Seeking a New Day

ATRP is thrilled to introduce our newest contributor, Brittany. She will be discussing mental health issues and her weight loss journey. Please share her experiences, you never know who may be struggling and need to know they are not alone. 


My Journey

I want to start by talking about my personal experience with my anxiety and depression.  For roughly 15-years, I have suffered from these mental illnesses. Usually, I dealt with my suffering in silence, but within the last two years I have sought professional help. I found myself unable to cope with all my feelings, with my panic attacks, my pain, the depression, frequent sleeplessness, and thoughts of suicide. Life had become consumed by my mental illnesses and I wasn’t present for my family. The out of control spiralling had to end and I needed help. Seeking help was not just for myself, but for my family.  They needed me and I needed them.

Within the last six months I have been put on a total of three different medications to help me with my anxiety and depress. We are an Army family and my counselor at our last duty station helped me so much. That counselor help me keep my head above water! Together we set up a plan for when those terrible thoughts began to creep into my mind — the ones that told me I was a burden and better off dead. I have fought tooth and nail to get back a semblance of a normal life. However, nothing is perfect and my anxiety is alway there. Waiting. This all leads me towards describing how anxiety affects me on a day-to-day basis and how one small thing can send me spiraling.

Getting Fit

Like many of those around the new year, I wanted to get healthy and began going to the gym. I started slowly on the stationary bikes, just to see how my knee would handle everything. I felt great and a few weeks into the month, I decided to try something new. There was a short shoulder workout from Pinterest I found and decided to give it a go. After completing the shoulder work, I thought I’d go try-out the treadmill.

My usual routine was to go to the gym in the morning, but I didn’t make it until almost noon! This time of day is extremely busy at the gym. There were so many people in one place and I felt my heart rate spike. But I was able to get the wifi working and began listening to my favorite Pandora station. Once the sounds of my music hit my ears I began to calm down and get my shoulder workout done.

The reps were done without incident and I went over to the treadmills as planned. I got on and worked my way up to a fast walk. Right about that time an older gentleman got on the treadmill right next to me and waved.  I began to freak out internally and a million thoughts of self doubt began running through my head. Then the worst thing happened, the internet cut out and I couldn’t get my music up and running again.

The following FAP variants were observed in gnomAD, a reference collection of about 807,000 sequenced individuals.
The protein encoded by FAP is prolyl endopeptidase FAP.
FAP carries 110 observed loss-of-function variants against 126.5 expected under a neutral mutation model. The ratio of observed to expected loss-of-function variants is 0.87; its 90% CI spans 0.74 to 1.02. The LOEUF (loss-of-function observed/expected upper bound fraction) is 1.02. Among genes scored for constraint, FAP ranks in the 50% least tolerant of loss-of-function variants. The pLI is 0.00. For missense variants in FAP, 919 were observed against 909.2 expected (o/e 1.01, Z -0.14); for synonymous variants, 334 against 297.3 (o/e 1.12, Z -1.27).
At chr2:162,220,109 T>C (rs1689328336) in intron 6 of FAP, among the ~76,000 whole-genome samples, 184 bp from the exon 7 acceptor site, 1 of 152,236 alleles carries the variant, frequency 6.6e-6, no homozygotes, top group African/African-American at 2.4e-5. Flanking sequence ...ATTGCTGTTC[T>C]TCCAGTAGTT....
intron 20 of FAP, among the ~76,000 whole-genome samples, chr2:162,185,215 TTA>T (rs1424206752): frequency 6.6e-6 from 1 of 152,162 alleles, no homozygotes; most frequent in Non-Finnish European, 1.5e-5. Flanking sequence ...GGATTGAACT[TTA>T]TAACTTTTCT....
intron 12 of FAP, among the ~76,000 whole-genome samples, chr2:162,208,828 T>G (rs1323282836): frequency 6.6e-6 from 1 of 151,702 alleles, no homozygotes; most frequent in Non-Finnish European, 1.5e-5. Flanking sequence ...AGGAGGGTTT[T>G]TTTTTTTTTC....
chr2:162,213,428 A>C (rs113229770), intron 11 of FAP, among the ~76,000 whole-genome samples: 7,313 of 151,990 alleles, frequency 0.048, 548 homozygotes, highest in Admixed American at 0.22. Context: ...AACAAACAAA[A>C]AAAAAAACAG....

When Seconds Feel Like Forever

I saw that I was so close to being finished on that damn treadmill! I only had about three minutes left on my cooldown, but I felt myself begin to have a panic attack. My heart was racing, my breathing sporadic, I had tunnel vision and everything was far too loud. The sounds of everything seemed to be magnified by 100%. I could feel the sounds of feet slamming on treadmills at an impossible pace. The sounds of weights being re-racked echoed through my head. And all around were machines running to the tune of their own mechanical heart beats. It was all too much for me to handle and I began to shake. Tears pleading to overflow the dam I put up.

Two minutes left. I told myself if I could make that first minute, I could handle the final two. I watch each passing second tick by and it made it all the harder to continue one. I was certain all eyes were on me, every person around me judging me.

One minute left. I could run away from everything all around me in one more minute.  Those final sixty second felt like an eternity. Every single one of my senses were completely overstimulated. As soon as the timer hit zero, I practically ran to the locker room to grab my jacket and leave. I attempted to come in contact with a few people as possible — I was trembling, speed walking with my eyes shifted down. I didn’t want anyone to see me. I wanted to shrink away within myself.

I wanted to disappear.


britBrittany Ivie is living the gypsy life with her active duty Army husband. She is the mom to a curly haired little man and the fur mom to two crazy dogs here and one who crossed the rainbow bridge. She has the hands of an artist, the heart of a child, and is her own worst critic. You can follow her column, “Walking With Anxiety” on ATRP.


This Content is not intended to be a substitute for professional medical advice, diagnosis, or treatment. Always seek the advice of your physician or other qualified health provider with any questions you may have regarding a medical condition.

Cover art by Ian Espinosa from Unsplash.

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